And in keeping with my submission to Jesus' command, I'm not worried about UNC's little tiff with Dook tonight. Dook looks incredibly beatable right now and the refs will finally call some fouls on them after the last two referee crews got disciplinary action from the NCAA because of the ridiculous discrepancy in free throws in Dook's favor. I'm on a roll with sports predictions, here's tonight's: UNC 86, Dook 81.
Monday, February 06, 2006
*Like most SuperBowls, the teams played tight, the rhythm of the game was stiff and awkward, and big plays and turnovers basically decided the outcome.
*Seattle owned the game in terms of time of possession and yardage, but when you double up a team at half-time in terms of time of possession and you haven't scored more than 3 points (indeed, you're losing 7-3), you're giving the game away.
*There was definitely some questionable officiating (my Fantasy Football listserve chatter has been all over this).
*Mick Jagger showed us what happens to your 'singing voice' when you spend most of your life abusing it with various substances or just poor technique.
*My favorite 'spot' wasn't an add, but Harrison Ford along with others doing the SuperBowl re-mix of "Oh, The Places You'll Go" just before kick-off. I appreciate the nod to Dr. Seuss--although I have some issues with "The Cat in the Hat" that I'll save for another day's post.
*Several women students have told me that they love "Gray's Anatomy" and I got the idea that the ladies dug it more than the men. In consulting with Wesley Wilcox about this, she said that it was 'like E.R. but more soap-opera-y and less medical.' Does E.R. even do medicine any more? Anyway, I watched part of "Gray's Anatomy" after the SuperBowl and turned it off half-way without any problems. Can someone fill me in, here? What am I missing?
Saturday, February 04, 2006
Who do I want to win? Pittsburgh.
Who do I think actually will win? Pittsburgh.
That's right, you heard it here long after you heard it lots of other places, Pittsburgh takes it home. Final score: 30-24.
Now that I've made my pronouncement, it's safe to bet on the Seahawks.
Friday, February 03, 2006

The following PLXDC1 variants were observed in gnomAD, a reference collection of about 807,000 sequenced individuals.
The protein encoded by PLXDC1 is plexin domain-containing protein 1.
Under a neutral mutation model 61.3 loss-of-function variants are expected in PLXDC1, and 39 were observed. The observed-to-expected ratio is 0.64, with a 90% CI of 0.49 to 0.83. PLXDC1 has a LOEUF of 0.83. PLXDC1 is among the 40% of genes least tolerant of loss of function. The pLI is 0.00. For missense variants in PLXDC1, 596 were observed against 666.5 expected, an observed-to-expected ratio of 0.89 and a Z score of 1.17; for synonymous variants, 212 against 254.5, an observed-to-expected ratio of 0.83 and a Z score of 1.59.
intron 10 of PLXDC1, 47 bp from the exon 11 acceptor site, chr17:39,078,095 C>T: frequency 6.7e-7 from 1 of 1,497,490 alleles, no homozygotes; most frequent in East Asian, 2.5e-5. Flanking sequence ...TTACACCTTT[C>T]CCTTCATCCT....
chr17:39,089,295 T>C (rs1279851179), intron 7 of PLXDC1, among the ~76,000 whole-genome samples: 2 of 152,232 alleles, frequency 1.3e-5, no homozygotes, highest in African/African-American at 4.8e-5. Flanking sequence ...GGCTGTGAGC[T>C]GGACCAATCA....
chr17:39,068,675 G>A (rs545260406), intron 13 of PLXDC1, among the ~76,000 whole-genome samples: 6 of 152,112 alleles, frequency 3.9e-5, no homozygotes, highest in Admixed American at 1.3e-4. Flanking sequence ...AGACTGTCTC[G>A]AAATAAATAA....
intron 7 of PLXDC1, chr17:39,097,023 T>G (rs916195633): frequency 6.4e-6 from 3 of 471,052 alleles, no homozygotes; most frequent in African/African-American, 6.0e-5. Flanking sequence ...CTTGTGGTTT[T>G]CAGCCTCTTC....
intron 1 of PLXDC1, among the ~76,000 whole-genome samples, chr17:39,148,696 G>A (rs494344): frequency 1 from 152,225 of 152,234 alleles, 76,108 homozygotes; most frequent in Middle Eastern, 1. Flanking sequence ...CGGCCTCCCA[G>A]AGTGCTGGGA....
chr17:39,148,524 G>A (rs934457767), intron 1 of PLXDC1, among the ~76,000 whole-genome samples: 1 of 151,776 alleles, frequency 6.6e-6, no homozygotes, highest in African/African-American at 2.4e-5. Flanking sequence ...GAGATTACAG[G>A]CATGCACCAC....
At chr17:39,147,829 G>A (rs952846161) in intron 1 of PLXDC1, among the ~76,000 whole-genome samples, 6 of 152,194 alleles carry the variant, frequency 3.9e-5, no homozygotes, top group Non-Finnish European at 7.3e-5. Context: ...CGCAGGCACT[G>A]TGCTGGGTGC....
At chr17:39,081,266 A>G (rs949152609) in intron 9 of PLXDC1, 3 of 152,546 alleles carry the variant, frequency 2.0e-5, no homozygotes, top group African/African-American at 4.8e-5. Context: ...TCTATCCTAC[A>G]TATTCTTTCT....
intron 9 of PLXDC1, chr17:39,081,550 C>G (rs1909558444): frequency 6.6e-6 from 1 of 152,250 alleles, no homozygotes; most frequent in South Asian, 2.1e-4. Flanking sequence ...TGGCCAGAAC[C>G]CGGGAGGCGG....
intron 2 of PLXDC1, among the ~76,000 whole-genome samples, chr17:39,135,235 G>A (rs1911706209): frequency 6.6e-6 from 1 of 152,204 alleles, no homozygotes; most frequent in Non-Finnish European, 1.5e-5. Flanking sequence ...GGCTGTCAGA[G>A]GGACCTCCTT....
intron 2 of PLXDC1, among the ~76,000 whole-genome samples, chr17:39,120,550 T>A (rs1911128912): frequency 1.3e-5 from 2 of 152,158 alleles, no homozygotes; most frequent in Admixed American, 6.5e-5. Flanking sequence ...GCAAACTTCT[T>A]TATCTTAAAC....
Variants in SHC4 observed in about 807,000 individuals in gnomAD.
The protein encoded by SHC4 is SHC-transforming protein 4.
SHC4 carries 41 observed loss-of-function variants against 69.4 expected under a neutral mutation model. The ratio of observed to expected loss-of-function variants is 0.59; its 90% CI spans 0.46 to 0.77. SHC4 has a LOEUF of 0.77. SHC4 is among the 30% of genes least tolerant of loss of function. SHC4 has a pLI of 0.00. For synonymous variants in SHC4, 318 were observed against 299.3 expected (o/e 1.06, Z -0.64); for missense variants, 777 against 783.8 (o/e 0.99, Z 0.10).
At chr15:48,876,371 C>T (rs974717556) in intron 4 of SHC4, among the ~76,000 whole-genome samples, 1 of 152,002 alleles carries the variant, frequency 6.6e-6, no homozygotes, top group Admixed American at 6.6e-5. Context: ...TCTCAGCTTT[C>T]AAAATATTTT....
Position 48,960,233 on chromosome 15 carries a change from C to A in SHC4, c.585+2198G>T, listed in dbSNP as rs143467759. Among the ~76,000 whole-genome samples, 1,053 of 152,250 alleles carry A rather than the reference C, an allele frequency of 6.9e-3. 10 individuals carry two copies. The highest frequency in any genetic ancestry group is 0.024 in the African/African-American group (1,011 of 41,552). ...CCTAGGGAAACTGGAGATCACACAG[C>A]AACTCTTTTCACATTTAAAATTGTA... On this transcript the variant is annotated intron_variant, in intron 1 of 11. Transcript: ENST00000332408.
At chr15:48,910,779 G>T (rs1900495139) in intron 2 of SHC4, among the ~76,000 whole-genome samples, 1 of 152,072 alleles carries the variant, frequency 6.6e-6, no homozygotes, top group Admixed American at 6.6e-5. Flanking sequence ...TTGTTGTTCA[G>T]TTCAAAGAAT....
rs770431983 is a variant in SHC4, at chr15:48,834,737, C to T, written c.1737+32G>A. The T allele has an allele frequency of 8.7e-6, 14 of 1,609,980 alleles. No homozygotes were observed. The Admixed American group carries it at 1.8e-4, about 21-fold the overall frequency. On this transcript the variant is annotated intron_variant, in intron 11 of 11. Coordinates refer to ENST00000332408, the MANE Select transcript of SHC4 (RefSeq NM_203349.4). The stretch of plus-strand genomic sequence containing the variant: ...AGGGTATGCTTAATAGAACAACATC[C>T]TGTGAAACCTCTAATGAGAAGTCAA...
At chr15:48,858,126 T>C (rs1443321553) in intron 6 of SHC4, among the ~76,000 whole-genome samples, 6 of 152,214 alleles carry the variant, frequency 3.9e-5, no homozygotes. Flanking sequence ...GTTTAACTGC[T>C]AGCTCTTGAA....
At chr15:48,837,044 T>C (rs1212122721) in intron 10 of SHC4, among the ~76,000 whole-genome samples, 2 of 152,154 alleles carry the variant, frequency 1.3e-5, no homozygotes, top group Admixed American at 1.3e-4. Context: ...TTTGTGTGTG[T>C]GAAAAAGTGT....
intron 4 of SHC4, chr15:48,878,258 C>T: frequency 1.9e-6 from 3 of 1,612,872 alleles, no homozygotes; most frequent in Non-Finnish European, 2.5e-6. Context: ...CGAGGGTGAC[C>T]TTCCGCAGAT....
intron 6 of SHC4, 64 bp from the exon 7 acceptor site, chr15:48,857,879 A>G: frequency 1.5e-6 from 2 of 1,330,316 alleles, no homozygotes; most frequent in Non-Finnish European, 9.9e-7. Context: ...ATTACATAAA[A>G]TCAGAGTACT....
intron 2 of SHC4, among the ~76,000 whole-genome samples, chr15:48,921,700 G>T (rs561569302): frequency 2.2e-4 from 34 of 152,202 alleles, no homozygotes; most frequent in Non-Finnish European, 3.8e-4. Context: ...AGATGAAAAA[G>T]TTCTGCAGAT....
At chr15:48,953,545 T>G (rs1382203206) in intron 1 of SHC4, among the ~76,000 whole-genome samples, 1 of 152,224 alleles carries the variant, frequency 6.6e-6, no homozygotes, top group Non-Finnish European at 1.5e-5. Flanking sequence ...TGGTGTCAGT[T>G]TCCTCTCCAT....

1. God exists who created and watches over us.
2. God wants people to be good/nice/fair as in the Bible and most religions.
3. The central goal of religion and all of life: be happy and feel good about yourself.
4. God is not particularlly involved in life except to fix problems.
5. Good people go to heaven when they die, and most people are good.
The point is not that these concepts in themselves are new--in fact, they largely echo the U.S. founding fathers (very few of whom were in fact Christian, which I wish some conservative Christian politicians would just admit) "Creator" and "life, liberty, and the pursuit of happiness" language. What's significant is that the Christian church has always held that these concepts were not really Christian. So what was once a philosophy that was clearly distinct from Christianity has now subversively colonized Christianity (and all religious traditions in America, really) to where there is no religious tradition at all. At least, none that the children involved in the churches can clearly articulate.
Thursday, February 02, 2006
The primary ends of religion as teenagers understand it is this close but ambivalent relationship to morality--religion is seen as fostering morality but not necessary for it. The bar on morality is pretty low: "be nice" sums up the extent of it quite well.
As the business world has cast most all of us primarily in the role of 'consumers,' it was only a matter of time before this became the dominant paradigm for understanding all of our lives. Christian Smith contends that teens are not 'leading sociological indicators' of the future. Rather, they are barometers of our society at-large. Teenagers reflect back to the adult world the issues already present in our culture.
And when it comes to religion, teens are simply parroting back the mantra that until now has strictly been reserved for life in the marketplace: the customer is always right.
Wednesday, February 01, 2006
I was totally geeked out by his work--I'm clueless with numbers and have zero patience for any real research, but if it weren't for that, I think I would totally dig being a sociologist. I took four legal-sized pages worth of notes, and I'll post some highlights here over the next couple of days, along with my own insightful and witty commentary.
First off: most teens are remarkably conventional about their religious practices. The myth of the grumpy teenager backlashing against everything their parents hold true and dear is just that, a myth. In fact, most teens view religion in a generally positive light--in part because it's not worth fighting about because it's just not that important.
So while there's no open rebellion against faith (and the study included all types of faiths, but the majority were Christians) that's in part because it operates like wallpaper in teens' lives--who fights over something that operates so benignly in the background?